Linde optimizes lift mast production at the Aschaffenburg plant with the help of simulation
The restructuring of assembly and the introduction of new forklift types confronted Linde with the question of what adjustments could be derived from this for lift mast production. In addition to considering the production capacities, the focus was also on determining the necessary buffer sizes.
Lift mast production classically consists of 3 steps – mechanical production of the individual components, painting of the frame parts and mast assembly. A lifting mast can consist of up to 3 mast frames. In contrast to manufacturing, where the individual components are produced in batches, the related components of a lift mast are processed together in the painting and assembly process. This requires decoupling between mechanical production and the subsequent process steps. The different throughput times of mast production, painting and assembly represent a further decoupling condition.
The simulation model allowed the potential bottlenecks to be quickly identified. The introduction of new automatic welding cells and the fundamental adaptation of job control – to minimize setup times, balance the workload across the lines and optimize job sequencing – led to a significantly reduced buffer requirement in the simulation model in addition to the desired throughput.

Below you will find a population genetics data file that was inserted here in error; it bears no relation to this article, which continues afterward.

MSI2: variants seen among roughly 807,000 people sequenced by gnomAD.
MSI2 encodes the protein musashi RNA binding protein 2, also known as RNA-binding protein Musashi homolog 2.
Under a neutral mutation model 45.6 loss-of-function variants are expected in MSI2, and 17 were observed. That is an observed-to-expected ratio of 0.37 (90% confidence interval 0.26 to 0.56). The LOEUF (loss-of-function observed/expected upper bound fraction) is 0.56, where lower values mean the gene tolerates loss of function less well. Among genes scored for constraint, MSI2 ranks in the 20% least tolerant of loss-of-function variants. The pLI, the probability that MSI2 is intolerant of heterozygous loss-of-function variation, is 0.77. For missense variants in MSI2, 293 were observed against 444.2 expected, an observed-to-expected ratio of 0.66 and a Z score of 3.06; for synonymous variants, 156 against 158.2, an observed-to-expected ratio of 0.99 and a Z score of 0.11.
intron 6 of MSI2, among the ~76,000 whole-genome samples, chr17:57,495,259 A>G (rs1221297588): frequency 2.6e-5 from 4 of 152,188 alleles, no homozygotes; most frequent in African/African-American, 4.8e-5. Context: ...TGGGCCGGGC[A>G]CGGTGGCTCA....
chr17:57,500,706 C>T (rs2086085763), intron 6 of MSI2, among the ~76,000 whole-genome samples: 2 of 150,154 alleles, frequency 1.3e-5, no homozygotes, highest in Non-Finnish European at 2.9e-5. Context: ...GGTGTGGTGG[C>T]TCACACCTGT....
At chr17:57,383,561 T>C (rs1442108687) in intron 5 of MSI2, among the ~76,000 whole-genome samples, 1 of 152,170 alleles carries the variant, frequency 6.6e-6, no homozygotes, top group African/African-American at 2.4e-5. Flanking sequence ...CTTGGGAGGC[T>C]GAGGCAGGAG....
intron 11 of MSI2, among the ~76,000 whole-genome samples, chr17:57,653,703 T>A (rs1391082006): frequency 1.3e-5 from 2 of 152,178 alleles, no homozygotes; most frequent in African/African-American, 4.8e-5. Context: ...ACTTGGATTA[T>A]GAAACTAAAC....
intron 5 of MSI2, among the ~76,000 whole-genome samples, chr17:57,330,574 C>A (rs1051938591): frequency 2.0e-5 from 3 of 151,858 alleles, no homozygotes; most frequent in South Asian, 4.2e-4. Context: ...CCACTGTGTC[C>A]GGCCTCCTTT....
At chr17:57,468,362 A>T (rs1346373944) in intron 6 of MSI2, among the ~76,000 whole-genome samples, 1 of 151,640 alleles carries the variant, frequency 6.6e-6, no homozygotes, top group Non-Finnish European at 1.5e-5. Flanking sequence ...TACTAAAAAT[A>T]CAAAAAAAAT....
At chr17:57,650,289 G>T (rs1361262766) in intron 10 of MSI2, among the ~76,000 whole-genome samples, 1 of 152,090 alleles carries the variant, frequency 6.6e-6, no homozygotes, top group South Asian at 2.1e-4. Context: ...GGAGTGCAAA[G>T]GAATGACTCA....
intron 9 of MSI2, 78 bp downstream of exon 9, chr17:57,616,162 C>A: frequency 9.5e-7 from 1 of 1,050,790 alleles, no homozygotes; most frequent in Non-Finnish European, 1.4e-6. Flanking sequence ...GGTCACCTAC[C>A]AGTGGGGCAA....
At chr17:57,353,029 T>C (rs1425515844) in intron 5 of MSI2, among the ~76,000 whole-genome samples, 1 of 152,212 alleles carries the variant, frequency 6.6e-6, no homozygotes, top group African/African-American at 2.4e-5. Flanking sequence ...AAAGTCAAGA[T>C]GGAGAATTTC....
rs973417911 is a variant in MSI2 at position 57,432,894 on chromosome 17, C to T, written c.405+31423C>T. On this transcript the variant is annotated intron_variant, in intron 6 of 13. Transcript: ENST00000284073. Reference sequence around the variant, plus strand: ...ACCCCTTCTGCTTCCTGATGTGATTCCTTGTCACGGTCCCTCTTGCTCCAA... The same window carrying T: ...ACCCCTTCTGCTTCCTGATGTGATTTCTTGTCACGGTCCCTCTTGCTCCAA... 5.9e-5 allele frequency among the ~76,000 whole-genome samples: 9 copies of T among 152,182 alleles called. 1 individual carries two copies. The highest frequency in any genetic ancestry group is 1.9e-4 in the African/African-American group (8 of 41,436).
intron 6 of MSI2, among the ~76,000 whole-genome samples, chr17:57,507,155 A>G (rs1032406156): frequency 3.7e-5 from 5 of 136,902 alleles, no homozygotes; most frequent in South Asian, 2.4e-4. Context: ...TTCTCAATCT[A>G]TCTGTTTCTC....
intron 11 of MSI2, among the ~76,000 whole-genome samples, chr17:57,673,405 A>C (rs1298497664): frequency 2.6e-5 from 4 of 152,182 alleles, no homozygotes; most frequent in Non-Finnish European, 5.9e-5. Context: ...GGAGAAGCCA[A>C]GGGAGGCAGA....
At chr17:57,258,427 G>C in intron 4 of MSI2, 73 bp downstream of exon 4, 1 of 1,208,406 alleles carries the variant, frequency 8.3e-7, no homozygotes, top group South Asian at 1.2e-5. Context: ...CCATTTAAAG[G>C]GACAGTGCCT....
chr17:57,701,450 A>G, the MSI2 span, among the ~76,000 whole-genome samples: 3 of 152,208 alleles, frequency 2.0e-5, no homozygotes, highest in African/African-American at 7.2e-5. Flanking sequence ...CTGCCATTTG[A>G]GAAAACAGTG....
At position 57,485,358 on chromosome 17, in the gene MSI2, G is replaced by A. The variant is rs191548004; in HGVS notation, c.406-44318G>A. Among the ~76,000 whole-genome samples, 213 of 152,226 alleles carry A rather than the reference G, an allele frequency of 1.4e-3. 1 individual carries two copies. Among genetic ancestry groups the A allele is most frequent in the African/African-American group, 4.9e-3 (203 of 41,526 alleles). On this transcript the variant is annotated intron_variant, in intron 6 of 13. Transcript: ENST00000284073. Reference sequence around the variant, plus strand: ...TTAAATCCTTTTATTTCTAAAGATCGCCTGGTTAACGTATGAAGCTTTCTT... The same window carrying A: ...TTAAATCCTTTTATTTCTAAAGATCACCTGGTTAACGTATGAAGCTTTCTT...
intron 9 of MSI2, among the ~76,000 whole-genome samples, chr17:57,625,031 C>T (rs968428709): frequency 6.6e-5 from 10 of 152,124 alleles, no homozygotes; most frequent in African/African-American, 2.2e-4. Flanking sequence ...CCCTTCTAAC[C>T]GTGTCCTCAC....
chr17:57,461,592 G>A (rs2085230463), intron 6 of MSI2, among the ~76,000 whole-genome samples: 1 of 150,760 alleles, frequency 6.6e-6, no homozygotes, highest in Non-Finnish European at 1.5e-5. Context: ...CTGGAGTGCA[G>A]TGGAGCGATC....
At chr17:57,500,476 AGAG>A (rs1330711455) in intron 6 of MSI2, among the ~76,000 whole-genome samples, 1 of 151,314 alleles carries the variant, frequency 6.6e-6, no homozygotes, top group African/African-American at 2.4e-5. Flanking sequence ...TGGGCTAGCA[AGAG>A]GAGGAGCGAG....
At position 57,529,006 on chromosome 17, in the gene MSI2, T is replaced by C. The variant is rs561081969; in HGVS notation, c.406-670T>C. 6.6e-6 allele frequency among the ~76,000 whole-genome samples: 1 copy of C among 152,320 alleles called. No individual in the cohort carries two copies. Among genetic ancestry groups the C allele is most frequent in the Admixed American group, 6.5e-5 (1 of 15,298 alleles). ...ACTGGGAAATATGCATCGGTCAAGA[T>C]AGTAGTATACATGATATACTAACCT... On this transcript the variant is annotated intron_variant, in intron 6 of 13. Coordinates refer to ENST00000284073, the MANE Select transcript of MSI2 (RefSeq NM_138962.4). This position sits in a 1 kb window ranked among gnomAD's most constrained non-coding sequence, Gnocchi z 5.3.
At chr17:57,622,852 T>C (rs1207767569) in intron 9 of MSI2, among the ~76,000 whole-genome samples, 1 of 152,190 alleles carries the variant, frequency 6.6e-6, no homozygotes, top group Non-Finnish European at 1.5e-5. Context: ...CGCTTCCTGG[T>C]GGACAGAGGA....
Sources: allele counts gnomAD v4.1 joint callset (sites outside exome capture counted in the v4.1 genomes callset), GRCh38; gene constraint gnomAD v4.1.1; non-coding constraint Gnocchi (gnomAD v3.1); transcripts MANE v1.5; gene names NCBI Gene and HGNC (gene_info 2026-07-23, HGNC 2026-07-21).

A key conclusion from the simulation was the realization that the scheduling of production orders must take into account the capacity restrictions for the individual mast types. Making welding systems more flexible with regard to the types of mast that can be processed also had a very positive effect on the overall process. Ultimately, Linde gained important insights from the simulation study as to which topics they must continue to work on in order to be able to implement production close to the sequence.